Mr. Fried will become the department’s coordinator for sanctions policy and will work on issues including Iran and Syria.

Granted, both trying to persuade third countries to take detainees and convincing countries to join our ever-intensifying sanctions regime against Iran involve the same skill sets.

Still, as the sanctions against Iran cause increasing difficulties for Iran’s citizens, I think it worth noting how we’ve change our human rights priorities.

Crowd of Unilateral Lawyers Applaud Unilateral Operator

Sarah Cleveland? Not a judge. Greg Craig? Not a judge. William Dodge? Not a judge. Jeh Johnson? Not a judge. David Kris? Not a judge. David Martin? Not a judge. Daniel Meltzer? Not a judge. And Trevor Morrison?

Also not a judge.

Nevertheless, these eight lawyers–all of whom served the function of interpreting the law for the Executive Branch within the Executive Branch for Obama (and, in Kris’ case, for Bush)–assure you that John Brennan will uphold our laws.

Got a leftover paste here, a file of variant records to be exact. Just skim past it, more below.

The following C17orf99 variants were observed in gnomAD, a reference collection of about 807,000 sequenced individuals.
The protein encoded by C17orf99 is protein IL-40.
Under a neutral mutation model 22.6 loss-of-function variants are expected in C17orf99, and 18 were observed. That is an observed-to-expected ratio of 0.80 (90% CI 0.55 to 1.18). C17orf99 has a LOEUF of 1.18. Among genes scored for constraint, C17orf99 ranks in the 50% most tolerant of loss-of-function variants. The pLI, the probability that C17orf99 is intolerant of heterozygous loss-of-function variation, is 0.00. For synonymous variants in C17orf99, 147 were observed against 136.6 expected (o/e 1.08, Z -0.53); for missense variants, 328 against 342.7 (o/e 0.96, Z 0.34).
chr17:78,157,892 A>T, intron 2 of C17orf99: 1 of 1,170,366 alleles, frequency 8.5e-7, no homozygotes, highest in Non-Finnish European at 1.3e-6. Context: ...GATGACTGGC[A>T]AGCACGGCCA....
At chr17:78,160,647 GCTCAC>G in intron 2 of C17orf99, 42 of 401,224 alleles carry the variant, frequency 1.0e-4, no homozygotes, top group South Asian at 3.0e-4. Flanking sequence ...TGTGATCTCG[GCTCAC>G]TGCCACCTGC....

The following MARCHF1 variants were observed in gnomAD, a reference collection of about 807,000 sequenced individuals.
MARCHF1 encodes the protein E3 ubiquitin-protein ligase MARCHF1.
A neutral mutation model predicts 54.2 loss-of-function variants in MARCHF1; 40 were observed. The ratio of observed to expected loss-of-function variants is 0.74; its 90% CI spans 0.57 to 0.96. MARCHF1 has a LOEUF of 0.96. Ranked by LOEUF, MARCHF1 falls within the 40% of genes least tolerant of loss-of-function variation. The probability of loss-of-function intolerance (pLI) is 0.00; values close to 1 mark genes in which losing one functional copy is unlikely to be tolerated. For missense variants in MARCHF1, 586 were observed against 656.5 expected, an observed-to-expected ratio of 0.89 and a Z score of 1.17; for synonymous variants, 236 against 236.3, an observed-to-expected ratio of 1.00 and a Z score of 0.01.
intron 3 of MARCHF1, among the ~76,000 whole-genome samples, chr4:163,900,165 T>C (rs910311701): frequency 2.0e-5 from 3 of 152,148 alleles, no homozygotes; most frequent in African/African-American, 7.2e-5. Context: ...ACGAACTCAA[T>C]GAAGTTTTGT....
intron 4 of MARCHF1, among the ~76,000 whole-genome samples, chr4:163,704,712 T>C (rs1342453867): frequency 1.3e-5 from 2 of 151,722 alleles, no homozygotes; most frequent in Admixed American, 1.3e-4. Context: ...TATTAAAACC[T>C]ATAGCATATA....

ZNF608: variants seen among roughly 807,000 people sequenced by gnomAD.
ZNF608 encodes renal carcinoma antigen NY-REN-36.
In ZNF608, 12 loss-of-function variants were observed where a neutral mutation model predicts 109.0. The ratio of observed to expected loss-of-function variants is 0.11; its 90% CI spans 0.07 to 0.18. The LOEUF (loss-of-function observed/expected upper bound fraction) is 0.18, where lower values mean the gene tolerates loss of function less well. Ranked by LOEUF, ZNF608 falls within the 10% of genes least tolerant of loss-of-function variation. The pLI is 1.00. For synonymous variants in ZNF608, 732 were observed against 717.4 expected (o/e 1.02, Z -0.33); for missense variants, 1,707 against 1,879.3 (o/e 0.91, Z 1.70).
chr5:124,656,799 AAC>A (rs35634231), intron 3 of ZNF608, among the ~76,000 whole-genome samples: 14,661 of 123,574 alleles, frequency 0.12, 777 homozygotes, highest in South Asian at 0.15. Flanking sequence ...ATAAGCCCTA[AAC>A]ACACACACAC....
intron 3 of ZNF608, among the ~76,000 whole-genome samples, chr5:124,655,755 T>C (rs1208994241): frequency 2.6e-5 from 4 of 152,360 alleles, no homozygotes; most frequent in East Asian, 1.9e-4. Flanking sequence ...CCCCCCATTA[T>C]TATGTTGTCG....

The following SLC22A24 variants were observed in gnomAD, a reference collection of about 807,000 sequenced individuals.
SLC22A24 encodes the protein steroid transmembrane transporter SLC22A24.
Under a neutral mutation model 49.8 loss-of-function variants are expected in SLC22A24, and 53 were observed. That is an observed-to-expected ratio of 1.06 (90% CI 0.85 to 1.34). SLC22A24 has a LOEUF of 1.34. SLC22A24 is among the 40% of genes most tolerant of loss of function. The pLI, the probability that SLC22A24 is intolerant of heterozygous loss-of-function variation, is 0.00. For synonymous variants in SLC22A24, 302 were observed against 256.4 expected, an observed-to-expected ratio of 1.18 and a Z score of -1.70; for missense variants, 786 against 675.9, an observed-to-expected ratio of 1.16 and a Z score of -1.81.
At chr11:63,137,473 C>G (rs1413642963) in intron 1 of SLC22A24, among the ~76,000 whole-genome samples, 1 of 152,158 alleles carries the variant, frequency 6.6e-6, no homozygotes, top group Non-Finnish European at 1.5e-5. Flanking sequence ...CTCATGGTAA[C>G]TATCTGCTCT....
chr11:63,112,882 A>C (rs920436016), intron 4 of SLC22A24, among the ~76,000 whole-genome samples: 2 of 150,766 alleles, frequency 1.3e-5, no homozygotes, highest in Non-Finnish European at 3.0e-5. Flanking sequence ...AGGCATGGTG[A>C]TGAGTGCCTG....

Throughout his tenure as Assistant to the President for Homeland Security and Counterterrorism in the Obama Administration, John Brennan has been a persistent and determined leader in support of adherence to the rule of law, a principled commitment to civil liberties and humanitarian protection, and transparency. On a broad range of issues, he has endeavored to ensure that the national security practices of the United States Government are based on sound long-term policy goals and are consistent with our domestic and international legal obligations, as well as with broader principles of democratic accountability. John Brennan has been a steadfast champion of the President’s commitment to closing the detention facility at Guantánamo, and has urged that our Article III courts remain a vital tool in our counterterrorism toolbox. He has stood firmly with the President’s efforts to ensure that interrogations are conducted in accord with the law and our values. And he has worked to ensure that the responsible and effective pursuit of our counterterrorism objectives will not depend simply on the good instincts of officials, but will instead be institutionalized in durable frameworks with a sound legal basis and broad interagency oversight.